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there's been more ground in the east of the country after losing a lot of ground last week. the rebels are now pushing into the oil town of brega. our correspondent, tim willcox, is there at the local hospital, where both rebel fighters and pro-gaddafi forces have been treated following the fighting in the region. >> we're in the intensive care ward. six beds here out of a total of 320 in the hospital itself. these two beds at the end occupied by local people with fractures, also an elderly man, as you can see, who is injured, but not in the fighting. but just in this far bed over here is a pro-gaddafi fighter who was brought in. he's been quite seriously injured. the surgeon who's been looking after him is this man. when was he brought in and how seriously injured is he? >> yes, he was brought in yesterday afternoon. he's pro-gaddafi forces, was brought in with a very severe injury to his abandon -- with
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his abdomen. >> he's had his kidney removed? >> his kidney and his spleen, and he was injured to his lung. to so we opened the chest, stopped the bleeding. >> is he doing well? you don't know who he is, but how many pro-gaddafi fighters have been brought in? >> yeah, we received two. one was two days ago. he was injured. >> and he was going to france. >> that's what he said. he was given about an afternoon . >> but it was all currency?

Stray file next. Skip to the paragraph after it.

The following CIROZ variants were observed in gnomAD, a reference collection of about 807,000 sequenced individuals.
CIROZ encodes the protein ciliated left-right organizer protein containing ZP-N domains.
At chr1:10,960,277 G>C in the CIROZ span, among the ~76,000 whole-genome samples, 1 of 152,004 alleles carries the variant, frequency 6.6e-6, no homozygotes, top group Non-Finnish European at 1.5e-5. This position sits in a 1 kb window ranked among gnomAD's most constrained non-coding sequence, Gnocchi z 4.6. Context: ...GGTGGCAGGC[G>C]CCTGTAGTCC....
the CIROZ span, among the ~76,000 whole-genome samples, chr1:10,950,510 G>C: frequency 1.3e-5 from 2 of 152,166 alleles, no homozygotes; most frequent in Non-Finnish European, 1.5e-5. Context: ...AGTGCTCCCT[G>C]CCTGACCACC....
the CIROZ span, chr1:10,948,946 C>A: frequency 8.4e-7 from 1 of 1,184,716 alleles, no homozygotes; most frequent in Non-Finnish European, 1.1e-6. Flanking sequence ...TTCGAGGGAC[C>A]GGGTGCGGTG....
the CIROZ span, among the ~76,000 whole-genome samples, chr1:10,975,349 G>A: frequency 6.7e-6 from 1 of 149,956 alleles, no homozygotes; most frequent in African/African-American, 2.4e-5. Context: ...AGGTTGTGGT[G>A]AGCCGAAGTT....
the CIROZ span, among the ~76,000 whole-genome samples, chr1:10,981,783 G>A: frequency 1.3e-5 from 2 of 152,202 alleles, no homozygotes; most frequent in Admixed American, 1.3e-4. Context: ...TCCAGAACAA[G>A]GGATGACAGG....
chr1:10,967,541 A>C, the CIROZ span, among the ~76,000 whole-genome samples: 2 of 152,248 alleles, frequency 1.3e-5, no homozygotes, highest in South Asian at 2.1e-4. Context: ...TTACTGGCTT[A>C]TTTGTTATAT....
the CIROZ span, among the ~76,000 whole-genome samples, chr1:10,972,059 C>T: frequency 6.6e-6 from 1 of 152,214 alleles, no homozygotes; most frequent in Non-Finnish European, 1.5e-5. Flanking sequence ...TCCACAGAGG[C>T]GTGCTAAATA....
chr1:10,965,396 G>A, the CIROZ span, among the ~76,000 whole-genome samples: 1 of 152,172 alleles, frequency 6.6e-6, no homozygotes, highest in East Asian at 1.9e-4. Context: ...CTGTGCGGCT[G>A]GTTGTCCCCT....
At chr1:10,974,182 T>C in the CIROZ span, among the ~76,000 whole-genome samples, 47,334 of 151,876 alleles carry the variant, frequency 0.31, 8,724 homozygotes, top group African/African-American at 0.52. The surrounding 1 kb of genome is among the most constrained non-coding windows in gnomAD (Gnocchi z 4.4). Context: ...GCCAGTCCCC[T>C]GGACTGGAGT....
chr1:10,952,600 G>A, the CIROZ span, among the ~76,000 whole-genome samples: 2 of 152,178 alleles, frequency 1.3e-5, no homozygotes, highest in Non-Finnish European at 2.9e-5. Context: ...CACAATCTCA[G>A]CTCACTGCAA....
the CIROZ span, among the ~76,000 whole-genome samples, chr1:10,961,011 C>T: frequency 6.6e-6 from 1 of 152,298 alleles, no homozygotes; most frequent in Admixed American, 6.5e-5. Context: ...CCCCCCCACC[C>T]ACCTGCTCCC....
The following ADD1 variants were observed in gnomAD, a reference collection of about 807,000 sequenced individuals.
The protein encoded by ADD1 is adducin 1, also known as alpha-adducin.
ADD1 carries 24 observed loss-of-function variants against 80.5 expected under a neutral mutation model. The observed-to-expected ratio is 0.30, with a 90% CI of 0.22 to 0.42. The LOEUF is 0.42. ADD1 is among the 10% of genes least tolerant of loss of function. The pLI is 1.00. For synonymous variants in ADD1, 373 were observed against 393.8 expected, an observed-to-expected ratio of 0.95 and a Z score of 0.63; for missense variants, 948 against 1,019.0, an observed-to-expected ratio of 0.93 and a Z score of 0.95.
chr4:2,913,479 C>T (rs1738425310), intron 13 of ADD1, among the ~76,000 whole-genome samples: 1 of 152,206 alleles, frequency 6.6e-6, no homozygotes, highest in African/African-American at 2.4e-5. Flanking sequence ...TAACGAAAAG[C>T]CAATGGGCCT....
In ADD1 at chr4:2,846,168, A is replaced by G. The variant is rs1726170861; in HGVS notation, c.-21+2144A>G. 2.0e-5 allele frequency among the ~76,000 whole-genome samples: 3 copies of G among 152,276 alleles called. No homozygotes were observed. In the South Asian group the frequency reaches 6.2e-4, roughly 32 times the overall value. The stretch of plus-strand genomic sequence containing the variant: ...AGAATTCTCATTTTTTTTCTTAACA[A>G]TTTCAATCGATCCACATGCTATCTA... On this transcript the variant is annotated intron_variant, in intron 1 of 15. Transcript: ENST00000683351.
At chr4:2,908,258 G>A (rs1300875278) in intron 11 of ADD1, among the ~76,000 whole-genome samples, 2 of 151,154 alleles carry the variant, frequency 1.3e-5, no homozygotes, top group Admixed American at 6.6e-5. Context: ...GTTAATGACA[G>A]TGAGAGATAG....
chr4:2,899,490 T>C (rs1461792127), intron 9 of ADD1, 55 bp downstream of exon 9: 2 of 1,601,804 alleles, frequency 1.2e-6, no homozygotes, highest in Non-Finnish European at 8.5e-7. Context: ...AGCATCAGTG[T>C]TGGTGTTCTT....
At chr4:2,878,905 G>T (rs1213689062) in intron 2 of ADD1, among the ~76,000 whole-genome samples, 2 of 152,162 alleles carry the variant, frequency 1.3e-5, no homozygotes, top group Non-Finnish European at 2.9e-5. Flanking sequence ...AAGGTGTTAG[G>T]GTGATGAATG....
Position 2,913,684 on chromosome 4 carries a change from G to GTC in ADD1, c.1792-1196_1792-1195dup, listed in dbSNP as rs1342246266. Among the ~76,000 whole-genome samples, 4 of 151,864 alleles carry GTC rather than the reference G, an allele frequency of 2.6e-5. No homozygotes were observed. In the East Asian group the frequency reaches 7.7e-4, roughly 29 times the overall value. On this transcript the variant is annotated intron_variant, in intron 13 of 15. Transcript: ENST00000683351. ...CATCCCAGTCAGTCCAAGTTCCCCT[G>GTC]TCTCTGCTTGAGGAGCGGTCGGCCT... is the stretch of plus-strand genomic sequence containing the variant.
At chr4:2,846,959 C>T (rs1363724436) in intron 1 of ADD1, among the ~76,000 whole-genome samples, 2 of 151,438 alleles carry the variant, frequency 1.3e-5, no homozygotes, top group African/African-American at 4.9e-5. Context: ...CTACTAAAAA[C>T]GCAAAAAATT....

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>> yes, yeah. >> thank you very much indeed. from the 30th of last month to the second of april, the latest figures from the front line of dead and injured, 20 injured, 21 killed. most people come in here before being transferred to benning hasee. >> tim willcox there reporting in libya. now, more news -- barack obama has launched his campaign for re-election in 2012. the president's intentions to seek another term was announced in this video sent to supporters via email and text message. by filing papers with the federal election commission, the president can begin fundraising for the presidential race. the man who ruled kazakhstan for more than 20 years has claimed victory in the latest presidential elections after official figures show he got 95.5% of the vote. international observers said the poll had the same flaws as earlier elections in
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kazakhstan. a small sub-surface cracks have been found in three more southwest airlines plane. half its fleet was ground after a tear opened up in one plane mid-flight. the airplane landed safely in arizona on friday. do stay with us for more news here on "bbc world news." at least two suicide bombers have blown themselves up among a crowd of worshipers at a muslim shrine in pakistan. police said more than 40 people were killed and many others injured in the city. thousands of devotees have been marking an annual festival. there's no indication of who carried out the attack. will grant has this report. >> rng are you and grieving. scores of muslims turned out in a show of defiance just hours after the attack on their